Wednesday, October 17, 2012

Why the Traditional Separation Between Authors and Publishers?

The broad-brush functional differences between the right and left hemispheres of the brain have become a mainstay of pop psychology: the right brain is the seat of creativity while the left brain has a monopoly on detail work. Some people personify the two as the accountant and the artist in your head.

It's hard to say whether that simple dichotomy will stand the test of our growing understanding of neuroscience, but it is a useful way to characterize the traditional division of labor between author and publisher. It's easy to caricature the author as artist in contrast to—and sometimes in conflict with—the publisher as accountant and business manager.

As with all common notions, this analogy has a kernel of truth: authors provide the novel (in both senses of the word) content and publishers take care of all the details involved in preparing, packaging, and presenting that content in the marketplace.

Of course, the divide isn’t between creative and non-creative work. Writing involves plenty of drudgery and the best marketing is thoroughly creative. But there is an important distinction between the kinds of creativity and detail work that are most effective in the traditional roles of author and publisher. And now that many authors are expected to provide a substantial portion of the marketing effort they find they need to master an entirely different set of skills.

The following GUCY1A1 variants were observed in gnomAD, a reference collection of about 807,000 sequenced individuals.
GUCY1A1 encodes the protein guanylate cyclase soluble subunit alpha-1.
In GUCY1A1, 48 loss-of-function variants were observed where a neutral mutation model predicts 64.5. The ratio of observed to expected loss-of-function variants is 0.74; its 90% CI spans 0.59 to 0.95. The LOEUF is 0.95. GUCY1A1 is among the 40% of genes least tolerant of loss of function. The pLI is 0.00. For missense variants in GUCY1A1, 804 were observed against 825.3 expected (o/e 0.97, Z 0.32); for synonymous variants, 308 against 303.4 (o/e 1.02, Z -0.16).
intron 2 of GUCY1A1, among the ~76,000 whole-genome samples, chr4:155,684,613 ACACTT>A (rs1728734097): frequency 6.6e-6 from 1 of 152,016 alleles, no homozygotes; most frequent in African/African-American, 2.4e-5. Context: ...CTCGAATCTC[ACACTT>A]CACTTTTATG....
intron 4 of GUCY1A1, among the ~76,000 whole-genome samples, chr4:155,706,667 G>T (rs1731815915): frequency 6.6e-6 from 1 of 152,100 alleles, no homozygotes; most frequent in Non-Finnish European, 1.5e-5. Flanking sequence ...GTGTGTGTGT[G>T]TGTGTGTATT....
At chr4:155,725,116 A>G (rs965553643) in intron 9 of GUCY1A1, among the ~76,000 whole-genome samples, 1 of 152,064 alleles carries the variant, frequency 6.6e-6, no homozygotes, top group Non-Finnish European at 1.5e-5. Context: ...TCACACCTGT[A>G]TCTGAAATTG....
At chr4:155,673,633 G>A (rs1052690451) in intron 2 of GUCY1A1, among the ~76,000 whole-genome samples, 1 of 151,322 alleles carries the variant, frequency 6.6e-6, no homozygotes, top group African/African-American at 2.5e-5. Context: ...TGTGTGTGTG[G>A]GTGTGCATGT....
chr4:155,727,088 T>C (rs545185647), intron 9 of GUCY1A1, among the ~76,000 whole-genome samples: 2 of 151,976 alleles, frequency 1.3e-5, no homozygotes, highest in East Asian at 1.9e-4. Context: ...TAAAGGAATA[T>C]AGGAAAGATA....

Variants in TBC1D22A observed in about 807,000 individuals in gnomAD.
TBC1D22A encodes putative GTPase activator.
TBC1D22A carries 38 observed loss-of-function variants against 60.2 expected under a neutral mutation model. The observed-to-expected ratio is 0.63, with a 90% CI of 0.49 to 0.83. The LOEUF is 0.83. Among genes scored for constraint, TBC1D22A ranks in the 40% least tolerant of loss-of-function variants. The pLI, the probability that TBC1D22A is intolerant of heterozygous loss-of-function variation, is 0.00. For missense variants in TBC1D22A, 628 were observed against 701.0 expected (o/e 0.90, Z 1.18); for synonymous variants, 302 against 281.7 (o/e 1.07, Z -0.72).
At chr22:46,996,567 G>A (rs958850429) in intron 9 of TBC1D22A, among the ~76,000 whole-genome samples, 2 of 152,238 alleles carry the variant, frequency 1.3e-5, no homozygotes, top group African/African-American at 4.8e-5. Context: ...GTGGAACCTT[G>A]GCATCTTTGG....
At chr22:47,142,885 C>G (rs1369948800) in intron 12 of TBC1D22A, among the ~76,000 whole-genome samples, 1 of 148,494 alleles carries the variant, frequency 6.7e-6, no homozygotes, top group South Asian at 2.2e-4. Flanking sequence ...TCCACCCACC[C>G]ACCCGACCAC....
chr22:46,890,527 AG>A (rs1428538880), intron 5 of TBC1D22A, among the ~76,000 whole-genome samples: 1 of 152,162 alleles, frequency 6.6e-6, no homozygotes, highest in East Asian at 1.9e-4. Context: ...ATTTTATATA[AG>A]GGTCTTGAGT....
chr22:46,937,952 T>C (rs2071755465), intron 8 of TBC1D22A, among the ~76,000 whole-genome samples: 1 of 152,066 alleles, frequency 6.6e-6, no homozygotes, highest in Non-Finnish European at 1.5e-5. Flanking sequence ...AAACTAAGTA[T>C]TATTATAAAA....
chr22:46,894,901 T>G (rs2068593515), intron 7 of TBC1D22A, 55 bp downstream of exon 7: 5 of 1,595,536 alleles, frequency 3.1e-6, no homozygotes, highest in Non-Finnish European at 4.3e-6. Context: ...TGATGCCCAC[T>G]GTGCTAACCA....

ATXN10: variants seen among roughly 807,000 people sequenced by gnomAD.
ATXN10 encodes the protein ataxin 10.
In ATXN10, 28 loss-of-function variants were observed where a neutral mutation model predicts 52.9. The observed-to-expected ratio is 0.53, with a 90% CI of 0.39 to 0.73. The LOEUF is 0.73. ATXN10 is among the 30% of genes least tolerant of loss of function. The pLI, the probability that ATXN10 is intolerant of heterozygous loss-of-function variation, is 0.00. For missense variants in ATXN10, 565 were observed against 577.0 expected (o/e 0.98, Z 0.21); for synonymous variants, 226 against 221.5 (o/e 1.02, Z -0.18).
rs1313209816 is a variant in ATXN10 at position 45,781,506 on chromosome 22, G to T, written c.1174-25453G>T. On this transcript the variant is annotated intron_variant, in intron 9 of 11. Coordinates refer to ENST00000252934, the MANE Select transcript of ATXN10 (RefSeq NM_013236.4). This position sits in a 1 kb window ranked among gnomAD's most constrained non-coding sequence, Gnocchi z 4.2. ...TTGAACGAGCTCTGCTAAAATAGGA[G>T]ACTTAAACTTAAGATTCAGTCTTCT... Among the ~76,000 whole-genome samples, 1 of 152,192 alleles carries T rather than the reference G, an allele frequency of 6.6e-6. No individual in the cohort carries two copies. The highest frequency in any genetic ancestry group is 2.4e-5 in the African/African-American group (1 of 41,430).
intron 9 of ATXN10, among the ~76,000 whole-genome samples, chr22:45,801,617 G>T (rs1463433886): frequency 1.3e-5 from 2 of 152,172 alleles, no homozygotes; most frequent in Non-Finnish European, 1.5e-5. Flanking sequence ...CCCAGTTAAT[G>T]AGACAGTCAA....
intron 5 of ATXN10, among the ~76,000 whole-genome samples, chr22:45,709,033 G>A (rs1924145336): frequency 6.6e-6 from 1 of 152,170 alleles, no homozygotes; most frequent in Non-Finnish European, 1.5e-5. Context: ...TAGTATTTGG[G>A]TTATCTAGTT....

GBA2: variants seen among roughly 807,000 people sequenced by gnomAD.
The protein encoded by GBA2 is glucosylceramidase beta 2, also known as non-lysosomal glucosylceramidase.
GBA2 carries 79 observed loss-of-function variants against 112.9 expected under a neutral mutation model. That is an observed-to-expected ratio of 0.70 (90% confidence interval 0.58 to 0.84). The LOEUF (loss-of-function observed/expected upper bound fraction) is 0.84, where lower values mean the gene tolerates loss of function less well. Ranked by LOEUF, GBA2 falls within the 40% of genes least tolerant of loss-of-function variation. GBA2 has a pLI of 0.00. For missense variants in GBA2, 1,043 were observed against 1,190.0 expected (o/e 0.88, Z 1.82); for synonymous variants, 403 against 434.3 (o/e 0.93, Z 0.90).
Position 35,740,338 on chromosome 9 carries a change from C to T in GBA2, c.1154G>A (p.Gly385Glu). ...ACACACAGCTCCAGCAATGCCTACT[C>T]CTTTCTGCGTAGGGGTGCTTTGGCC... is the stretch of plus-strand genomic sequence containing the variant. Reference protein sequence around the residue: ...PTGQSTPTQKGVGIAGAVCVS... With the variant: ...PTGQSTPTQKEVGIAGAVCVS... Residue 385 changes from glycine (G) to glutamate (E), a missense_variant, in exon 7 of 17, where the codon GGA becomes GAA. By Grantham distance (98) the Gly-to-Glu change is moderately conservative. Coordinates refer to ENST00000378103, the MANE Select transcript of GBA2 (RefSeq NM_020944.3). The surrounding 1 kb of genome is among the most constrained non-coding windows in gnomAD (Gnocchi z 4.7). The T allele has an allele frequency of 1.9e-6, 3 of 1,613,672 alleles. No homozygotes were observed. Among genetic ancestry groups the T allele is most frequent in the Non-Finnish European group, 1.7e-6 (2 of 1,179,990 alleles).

As challenging as it may be for an author with a traditional publishing arrangement to switch writing and marketing hats, self-publishing means that you have to wear both hats all the time. Put another way, whether you know it or not you’re signing up to bridge the traditional right brain/left brain split between authors and publishers in your own little head when you self-publish.

If you think that editing is an endless round of fiddly grammar details, wait till you're stuck trying to figure out why the formatting for your e-book is off on three devices but looks great everywhere else. Getting covers right requires attention to the art design, graphic file formats, scale and resolution for different platforms, and a host of conventions like including your ISBN as a barcode on the back cover and listing the book’s category. Then there are details like copyright statements, warranties, and metadata that all have to be both correct and correctly presented. Making sure all of these things right requires constant checking and double checking.

Setting aside whatever frustration with the old or fascination with the new that you may have, there are good reasons for the traditional division between producers and distributors in many areas of the economy. You need to understand both the reasons for and the substance of each role if you want to walk the path of the artisan publisher because you’re signing up for both jobs.

Image: Simon Howden /

1 comment:

  1. Great advice for self-publishers, Deren! I, for one, prefer the traditional process and hope the economic structure can weather the storms and stay in tact.


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